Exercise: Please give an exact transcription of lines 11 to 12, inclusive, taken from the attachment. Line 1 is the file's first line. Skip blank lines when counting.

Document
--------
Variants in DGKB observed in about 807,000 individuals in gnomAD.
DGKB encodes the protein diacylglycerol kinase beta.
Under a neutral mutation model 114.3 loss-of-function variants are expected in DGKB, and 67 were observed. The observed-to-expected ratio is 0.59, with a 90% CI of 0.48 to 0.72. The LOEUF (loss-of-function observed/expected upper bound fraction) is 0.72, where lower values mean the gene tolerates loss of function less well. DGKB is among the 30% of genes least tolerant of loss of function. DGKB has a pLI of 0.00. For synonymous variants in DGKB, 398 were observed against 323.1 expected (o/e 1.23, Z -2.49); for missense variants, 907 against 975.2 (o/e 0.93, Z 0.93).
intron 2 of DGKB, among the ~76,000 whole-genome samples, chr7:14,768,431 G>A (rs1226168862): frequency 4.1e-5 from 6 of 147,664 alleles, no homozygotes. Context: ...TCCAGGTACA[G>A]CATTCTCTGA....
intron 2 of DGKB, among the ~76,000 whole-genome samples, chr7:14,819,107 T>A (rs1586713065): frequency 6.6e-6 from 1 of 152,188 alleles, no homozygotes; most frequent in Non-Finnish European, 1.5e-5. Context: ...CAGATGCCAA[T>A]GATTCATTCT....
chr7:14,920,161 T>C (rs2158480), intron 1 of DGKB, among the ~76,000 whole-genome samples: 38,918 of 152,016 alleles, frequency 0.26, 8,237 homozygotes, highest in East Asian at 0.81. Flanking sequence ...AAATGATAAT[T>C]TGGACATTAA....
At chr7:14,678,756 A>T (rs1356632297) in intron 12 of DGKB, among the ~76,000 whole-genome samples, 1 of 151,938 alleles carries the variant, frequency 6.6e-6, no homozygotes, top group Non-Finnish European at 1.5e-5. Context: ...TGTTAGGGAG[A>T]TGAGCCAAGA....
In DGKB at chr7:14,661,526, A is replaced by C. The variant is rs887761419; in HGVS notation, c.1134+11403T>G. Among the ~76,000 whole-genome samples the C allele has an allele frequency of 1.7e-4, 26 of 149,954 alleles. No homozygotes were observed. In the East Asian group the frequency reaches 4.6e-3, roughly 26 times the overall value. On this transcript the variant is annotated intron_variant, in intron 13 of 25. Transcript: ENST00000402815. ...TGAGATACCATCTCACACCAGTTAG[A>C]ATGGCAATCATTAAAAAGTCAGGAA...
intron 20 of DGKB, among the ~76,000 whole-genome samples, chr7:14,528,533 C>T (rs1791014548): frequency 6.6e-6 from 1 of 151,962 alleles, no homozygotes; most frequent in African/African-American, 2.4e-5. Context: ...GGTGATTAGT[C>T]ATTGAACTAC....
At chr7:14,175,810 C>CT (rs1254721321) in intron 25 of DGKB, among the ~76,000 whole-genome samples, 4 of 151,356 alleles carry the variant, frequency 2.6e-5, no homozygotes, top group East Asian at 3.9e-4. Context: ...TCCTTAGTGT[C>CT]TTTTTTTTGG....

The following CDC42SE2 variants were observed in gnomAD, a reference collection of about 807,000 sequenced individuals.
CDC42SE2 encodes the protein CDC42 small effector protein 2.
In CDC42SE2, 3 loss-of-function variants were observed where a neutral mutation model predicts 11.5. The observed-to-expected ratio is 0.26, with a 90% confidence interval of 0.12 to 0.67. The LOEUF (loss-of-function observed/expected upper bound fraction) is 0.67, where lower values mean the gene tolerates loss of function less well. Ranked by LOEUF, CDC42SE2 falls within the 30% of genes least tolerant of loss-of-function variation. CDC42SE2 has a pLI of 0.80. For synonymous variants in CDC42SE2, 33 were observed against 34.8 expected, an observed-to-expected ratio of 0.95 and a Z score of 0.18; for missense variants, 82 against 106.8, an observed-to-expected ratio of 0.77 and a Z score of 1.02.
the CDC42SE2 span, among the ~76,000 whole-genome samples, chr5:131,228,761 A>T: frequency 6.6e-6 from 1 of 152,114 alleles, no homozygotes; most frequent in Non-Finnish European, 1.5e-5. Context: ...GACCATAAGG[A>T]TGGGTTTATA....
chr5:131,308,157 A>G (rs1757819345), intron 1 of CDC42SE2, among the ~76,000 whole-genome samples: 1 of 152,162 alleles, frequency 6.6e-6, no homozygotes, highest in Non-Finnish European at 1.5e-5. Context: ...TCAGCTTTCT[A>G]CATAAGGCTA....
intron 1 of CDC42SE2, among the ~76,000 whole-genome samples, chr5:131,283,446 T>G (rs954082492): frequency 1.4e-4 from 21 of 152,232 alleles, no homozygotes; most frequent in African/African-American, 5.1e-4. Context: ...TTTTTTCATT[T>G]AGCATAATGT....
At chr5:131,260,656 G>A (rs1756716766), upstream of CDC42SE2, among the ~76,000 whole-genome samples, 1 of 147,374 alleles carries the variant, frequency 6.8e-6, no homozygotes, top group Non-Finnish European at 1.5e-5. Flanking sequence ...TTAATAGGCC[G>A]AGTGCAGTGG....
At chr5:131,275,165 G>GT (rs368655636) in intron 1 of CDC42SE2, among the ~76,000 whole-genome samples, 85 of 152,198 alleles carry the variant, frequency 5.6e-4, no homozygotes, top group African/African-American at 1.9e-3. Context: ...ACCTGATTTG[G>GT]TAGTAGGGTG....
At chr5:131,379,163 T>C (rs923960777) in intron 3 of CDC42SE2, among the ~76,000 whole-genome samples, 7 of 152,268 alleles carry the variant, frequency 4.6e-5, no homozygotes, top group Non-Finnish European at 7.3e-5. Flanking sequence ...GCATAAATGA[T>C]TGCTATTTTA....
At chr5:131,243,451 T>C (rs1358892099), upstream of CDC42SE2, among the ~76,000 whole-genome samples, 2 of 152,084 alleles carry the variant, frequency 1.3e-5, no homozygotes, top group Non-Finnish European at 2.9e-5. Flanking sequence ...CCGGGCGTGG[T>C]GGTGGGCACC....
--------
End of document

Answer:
The following CDC42SE2 variants were observed in gnomAD, a reference collection of about 807,000 sequenced individuals.
CDC42SE2 encodes the protein CDC42 small effector protein 2.